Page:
A new type of nanomembrane could enable flexible ultraviolet (UV) photodetectors for a wide range of applications such as water and air purification, UV missile guidance systems, and security systems.
Developed by Jack Ma, the Lynn H. Matthias Professor and Vilas Distinguished Achievement Professor of electrical and computer engineering at UW-Madison, and research assistant Munho Kim, the 4H-silicon carbide nanomembrane can be released from its source wafer and transferred on any arbitrary substrates. It also has very high light absorption capability at the UV range despite thinness on the order of 200 nanometers. “4H” refers to the most common and widely used lattice structure of silicon carbide.
Unlike silicon and germanium, the 4H silicon carbide has a large bandgap energy, which enables its application for UV light absorption. Although silicon and germanium nanomembranes have proven their potential in various devices such as flexible transistors and photodetectors, the devices have limited applications in situations that require wide bandgap semiconductors.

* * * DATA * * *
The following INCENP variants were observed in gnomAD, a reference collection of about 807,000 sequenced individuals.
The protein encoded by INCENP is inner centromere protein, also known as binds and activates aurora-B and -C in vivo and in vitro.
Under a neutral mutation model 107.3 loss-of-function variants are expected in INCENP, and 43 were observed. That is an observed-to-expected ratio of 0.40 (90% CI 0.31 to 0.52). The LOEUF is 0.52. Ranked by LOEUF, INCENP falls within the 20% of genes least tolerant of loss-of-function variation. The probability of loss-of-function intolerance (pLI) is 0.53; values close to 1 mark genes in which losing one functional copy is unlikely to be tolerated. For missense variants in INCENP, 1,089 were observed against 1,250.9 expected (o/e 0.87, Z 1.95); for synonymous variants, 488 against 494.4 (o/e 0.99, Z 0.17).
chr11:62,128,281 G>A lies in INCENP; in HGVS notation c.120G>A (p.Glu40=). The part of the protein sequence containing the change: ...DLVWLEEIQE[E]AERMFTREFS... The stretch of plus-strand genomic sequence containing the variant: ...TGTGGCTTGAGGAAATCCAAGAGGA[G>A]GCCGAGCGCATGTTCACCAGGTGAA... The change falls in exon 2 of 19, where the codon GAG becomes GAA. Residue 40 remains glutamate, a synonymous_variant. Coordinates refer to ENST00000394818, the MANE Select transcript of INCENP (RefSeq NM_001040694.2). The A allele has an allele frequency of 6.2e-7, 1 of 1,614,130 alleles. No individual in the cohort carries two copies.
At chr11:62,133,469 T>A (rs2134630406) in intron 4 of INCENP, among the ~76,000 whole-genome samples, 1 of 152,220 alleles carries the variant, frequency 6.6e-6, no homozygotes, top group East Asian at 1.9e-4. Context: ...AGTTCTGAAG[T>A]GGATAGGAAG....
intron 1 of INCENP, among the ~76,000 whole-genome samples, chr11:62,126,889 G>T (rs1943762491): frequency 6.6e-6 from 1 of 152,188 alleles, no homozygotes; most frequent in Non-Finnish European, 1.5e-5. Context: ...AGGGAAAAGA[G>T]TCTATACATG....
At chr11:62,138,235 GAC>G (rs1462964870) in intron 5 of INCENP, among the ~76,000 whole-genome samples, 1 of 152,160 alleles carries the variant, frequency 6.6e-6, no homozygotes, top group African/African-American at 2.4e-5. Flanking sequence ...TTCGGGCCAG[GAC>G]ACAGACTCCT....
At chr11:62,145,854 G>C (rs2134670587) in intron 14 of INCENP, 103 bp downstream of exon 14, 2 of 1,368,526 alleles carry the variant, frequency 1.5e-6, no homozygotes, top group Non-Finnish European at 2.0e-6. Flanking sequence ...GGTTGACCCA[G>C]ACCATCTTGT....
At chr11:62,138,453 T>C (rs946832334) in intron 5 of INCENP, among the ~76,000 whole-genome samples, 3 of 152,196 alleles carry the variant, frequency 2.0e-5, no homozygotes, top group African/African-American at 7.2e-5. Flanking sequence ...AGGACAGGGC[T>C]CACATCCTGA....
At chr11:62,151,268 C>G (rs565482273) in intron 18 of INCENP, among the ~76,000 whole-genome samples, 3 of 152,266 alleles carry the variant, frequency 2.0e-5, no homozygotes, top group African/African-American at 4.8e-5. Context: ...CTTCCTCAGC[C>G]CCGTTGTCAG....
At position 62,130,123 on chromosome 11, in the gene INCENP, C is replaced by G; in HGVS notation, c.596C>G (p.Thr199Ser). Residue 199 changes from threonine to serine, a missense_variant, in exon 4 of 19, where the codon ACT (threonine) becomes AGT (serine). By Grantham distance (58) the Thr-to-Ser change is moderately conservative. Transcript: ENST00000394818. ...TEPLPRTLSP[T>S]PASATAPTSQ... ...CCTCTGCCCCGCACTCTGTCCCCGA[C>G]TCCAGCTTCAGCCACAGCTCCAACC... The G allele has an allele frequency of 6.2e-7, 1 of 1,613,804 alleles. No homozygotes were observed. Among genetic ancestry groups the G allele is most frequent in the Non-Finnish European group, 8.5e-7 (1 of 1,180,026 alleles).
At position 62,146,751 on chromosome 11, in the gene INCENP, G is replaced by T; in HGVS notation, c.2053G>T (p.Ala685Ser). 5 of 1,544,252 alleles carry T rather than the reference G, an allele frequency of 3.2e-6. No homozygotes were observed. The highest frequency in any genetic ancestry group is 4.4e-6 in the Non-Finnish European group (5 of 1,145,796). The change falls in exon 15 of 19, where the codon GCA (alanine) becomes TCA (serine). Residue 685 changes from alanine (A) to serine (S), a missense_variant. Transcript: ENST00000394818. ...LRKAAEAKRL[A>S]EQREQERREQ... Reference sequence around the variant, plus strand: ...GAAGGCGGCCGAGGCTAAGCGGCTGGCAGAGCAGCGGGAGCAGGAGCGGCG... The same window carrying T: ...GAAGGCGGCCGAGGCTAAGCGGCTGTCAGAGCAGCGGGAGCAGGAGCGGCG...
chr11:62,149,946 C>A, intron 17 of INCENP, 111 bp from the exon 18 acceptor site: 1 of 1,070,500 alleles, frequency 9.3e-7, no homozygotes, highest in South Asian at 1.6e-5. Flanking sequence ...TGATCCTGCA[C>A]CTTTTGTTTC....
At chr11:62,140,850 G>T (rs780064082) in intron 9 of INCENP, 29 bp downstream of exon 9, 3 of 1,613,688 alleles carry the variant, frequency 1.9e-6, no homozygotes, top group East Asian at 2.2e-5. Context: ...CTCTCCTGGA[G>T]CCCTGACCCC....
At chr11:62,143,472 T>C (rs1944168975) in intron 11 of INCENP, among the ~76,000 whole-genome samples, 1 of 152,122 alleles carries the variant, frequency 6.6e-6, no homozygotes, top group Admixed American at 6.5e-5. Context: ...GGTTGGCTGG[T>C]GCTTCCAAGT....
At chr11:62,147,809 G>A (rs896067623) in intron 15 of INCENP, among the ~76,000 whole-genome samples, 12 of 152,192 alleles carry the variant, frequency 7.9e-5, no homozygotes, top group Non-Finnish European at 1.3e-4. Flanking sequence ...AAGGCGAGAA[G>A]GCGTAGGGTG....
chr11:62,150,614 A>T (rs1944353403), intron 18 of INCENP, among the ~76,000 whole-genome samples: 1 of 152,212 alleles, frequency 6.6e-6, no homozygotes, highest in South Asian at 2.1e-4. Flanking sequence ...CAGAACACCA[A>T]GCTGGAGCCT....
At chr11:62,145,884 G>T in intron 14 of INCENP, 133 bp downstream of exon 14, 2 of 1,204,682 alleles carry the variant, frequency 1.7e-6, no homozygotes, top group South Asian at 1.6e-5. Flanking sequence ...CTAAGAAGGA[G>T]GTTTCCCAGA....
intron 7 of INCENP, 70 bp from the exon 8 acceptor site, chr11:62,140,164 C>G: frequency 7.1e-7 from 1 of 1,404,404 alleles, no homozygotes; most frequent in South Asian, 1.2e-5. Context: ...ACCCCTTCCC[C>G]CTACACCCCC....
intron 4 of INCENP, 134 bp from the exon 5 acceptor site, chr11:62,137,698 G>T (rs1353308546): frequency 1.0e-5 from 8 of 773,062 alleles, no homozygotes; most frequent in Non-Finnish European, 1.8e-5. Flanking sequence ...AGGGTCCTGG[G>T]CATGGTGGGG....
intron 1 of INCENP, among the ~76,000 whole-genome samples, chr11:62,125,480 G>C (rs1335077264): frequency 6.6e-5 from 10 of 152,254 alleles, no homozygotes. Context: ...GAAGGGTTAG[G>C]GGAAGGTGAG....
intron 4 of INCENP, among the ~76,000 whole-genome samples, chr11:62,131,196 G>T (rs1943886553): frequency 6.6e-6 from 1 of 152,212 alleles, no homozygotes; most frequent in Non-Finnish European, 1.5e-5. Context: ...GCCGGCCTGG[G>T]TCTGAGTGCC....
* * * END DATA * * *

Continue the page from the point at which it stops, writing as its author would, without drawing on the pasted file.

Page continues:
While other researchers have fabricated various nanomembranes, Ma and Kim have are the first to create the transferrable 4H silicon-carbide nanomembrane. “We actually can transfer it on anywhere we want to,” says Ma.
One important aspect of the 4H silicon-carbide nanomembrane is that the material has a high thermal conductivity. “This property makes the photodetectors working at a high temperature where an efficient heat dissipation is very important,” says Ma. “Other wide bandgap materials have their own issues in stability at high temperatures.”
Ultimately, the flexible silicon-carbide nanomembranes open the door of possibility, says Ma. “This demonstration shows the developed material has great potential in high-performance and flexible UV photodetectors,” he says. “It shows the capabilities of high-absorption at the UV range and stable performance under bending conditions.”
This research was a collaboration with colleagues Weidong Zhou of the University of Texas-Arlington and Edo Waks of the University of Maryland-College Park, and their students.
Author: Engineering External Relations